Emily Lakdawalla • Apr 14, 2009
Ted Stryk: Europa Jupiter System Mission Colloquium
Ted Stryk sent me the following notes on a meeting on the Europa Jupiter System Mission held on April 9 and 10. Thanks, Ted! --ESL
On April 9, the University of Tennessee's Earth and Planetary Sciences department hosted a colloquium led by Bob Pappalardo of JPL to discuss the recently selected Europa Jupiter System Mission (EJSM). Pappalardo began by discussing our current, post-Galileo understanding of Europa. It is thought that the current ice shell is 60-100 million years old. Due to a small amount of torque applied to the Jupiter-facing side at its closest point in its orbit [caused by tidal forces from Jupiter], the outer shell rotates at a slightly asynchronous rate (a ballpark number given was one extra rotation for every 10^6 orbits). This conclusion is based on observations of the positions and orientations of linear features on Europa; the stresses on the ice crust that made those linear features seem consistent with Europa having picked up about a third of a rotation since the ice shell formed.
The radar on the proposed Europa orbiter should be able to penetrate the hard, brittle surface layers of ice and map out the layer of ice below. Unfortunately, these softer regions are more opaque to radar than are the brittle outer regions, so it may not be able to see down into the actual ocean. However, if some of the "thin ice" models that some scientists favor prove correct, and the ice shell is only 2-3 km thick, then the radar system should see right through it. So, in other words, it should settle the thick ice vs. thin ice debate once and for all. However, some of the thick ice models allow for some small thin patches in the ice shell, which means that even with a thick shell we might have some "windows" through which to look directly into the ocean. Pappalardo stressed that if they had to cut the payload to just one instrument (not that this is being considered -- he was trying to make a point), it would be the radar.
The imaging system is also impressive. It will obtain global multispectral coverage in stereo at 100 meters per pixel. It will have a high resolution camera with a resolution from orbit of 10 meters per pixel, plus a strip down the center at 1 meter per pixel. The plan is to design a system that could function as a framing camera during the early part of the mission, during which it is conducting flybys of Jupiter's moons. However, in orbit it will act as a linear array, using orbital motion to scan the surface of Europa. [For context, Cassini and Galileo were both designed with framing cameras because all their moon encounters were flybys, which image geometry changing rapidly. Examples of linear array cameras include Mars Orbiter Camera on Mars Global Surveyor and HiRISE on Mars Reconnaissance Orbiter -- it's a much better choice for an orbiting mission. --ESL]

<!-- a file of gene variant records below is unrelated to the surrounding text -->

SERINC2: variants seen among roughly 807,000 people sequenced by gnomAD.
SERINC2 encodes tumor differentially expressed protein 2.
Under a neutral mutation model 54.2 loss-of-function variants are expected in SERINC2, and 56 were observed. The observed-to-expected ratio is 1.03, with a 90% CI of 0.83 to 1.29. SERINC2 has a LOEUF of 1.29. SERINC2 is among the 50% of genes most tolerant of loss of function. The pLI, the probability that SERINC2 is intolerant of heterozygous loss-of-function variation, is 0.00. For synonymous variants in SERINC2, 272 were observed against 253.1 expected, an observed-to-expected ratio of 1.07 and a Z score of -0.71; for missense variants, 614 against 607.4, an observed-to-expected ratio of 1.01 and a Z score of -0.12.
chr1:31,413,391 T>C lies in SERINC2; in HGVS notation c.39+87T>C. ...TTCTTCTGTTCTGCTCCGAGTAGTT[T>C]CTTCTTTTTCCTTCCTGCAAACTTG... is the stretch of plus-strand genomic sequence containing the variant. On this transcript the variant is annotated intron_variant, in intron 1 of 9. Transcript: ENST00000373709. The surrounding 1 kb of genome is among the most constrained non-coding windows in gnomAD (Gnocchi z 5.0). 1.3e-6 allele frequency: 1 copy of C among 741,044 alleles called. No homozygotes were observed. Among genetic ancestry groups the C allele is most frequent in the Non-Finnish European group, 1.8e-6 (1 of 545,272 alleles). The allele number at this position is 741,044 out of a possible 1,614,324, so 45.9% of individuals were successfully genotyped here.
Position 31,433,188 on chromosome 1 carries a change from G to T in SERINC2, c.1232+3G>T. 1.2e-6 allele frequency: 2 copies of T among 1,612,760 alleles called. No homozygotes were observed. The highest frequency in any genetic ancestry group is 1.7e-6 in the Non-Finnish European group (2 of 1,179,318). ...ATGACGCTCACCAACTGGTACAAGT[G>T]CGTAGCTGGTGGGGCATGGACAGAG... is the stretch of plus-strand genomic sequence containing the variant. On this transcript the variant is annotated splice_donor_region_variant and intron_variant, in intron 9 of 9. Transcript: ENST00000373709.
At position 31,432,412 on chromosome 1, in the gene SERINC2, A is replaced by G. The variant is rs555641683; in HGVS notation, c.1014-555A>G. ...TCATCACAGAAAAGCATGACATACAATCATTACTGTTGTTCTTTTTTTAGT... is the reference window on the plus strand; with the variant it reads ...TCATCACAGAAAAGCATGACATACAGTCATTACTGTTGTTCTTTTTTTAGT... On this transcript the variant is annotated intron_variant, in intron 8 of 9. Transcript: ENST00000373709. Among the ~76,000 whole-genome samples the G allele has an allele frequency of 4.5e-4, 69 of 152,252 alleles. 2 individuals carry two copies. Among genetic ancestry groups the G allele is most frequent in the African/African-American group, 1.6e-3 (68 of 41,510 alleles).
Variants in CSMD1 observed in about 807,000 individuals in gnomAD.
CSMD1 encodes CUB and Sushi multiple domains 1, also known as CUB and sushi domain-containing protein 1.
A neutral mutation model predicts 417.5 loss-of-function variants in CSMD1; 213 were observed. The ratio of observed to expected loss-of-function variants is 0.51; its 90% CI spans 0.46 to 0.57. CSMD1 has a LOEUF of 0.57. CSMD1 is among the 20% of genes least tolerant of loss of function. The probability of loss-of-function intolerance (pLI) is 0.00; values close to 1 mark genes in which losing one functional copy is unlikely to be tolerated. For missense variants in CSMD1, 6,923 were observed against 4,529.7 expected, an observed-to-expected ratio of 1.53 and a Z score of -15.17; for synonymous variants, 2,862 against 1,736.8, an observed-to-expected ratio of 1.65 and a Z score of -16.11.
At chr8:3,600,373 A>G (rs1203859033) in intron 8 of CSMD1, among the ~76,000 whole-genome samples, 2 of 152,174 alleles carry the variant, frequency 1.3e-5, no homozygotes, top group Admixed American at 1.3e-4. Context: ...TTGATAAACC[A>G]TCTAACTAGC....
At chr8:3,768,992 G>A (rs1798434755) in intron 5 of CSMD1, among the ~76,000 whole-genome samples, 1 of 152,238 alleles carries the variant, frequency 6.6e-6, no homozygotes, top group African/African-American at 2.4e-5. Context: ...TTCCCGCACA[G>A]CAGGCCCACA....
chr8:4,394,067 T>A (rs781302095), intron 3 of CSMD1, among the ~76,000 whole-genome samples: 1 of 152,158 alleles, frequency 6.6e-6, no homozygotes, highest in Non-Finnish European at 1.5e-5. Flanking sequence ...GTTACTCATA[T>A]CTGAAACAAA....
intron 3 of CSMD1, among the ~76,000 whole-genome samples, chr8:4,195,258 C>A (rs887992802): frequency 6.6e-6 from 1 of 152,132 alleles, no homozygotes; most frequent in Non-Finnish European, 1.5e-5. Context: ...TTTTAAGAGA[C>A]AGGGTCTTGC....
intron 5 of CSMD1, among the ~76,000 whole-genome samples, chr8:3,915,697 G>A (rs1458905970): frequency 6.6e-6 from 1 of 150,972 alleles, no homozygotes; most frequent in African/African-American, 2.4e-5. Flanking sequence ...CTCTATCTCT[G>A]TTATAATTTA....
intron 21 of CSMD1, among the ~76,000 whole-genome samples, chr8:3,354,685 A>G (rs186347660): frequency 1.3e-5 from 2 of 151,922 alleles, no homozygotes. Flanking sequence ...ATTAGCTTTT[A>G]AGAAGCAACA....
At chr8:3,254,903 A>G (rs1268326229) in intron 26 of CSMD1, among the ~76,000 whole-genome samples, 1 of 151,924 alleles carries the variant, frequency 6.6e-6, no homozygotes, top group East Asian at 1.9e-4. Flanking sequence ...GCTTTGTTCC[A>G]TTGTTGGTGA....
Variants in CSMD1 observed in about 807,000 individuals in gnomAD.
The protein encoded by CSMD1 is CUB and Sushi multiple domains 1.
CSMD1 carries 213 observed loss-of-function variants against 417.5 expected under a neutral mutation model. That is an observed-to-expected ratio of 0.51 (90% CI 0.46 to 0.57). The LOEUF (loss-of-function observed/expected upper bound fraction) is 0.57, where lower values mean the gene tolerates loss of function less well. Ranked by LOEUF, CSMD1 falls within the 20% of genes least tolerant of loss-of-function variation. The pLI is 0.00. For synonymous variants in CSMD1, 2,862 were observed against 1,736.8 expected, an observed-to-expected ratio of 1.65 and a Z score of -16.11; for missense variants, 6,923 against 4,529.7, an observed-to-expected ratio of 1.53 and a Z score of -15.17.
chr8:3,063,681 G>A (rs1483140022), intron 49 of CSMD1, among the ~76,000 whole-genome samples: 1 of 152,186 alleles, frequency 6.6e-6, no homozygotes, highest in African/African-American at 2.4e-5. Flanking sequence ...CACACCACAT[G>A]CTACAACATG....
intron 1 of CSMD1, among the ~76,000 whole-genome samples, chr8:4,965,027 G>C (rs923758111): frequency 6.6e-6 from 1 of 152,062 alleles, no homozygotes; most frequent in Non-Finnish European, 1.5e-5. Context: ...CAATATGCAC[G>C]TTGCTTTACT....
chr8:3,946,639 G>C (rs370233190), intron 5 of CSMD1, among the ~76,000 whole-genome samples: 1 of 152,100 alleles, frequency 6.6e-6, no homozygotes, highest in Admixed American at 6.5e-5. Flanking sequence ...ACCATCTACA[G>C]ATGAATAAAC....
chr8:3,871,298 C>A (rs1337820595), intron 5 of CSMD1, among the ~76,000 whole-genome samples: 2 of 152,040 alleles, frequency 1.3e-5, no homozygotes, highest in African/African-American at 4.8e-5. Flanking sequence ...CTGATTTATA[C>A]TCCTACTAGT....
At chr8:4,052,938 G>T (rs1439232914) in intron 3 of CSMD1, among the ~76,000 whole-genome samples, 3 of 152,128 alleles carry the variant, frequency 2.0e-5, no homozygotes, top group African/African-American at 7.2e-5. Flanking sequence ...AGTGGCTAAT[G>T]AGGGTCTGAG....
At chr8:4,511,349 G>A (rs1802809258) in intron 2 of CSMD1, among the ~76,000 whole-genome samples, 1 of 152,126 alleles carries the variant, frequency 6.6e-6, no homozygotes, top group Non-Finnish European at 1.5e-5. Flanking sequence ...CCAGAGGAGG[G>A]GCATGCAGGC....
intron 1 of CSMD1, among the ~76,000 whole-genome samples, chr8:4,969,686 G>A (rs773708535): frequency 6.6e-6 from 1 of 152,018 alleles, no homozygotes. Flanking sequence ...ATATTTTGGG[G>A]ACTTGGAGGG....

Given that the audience included a number of geologists, some interesting questions came up. First of all, several people noted that the features attributed to pulling apart due to tension don't have corresponding compression features elsewhere on the moon. Pappalardo acknowledged that this is an ongoing problem, although our global coverage of Europa isn't good enough to be sure that the compression features don't exist. Another issue that geologists noted was that some of the magnetometer observations attributed to an induced magnetic field via the global ocean may actually be due to piezoelectric forces (electricity generated when mechanical force is applied) from tidal strains on the rocky interior.
All in all, it was a very interesting and informative presentation. Pappalardo was headed to Vienna, Austria, to go to a meeting on planetary protection requirements for the mission. It will be interesting to see how planning unfolds in the coming months, as the process by which people can propose instruments will be starting this summer.
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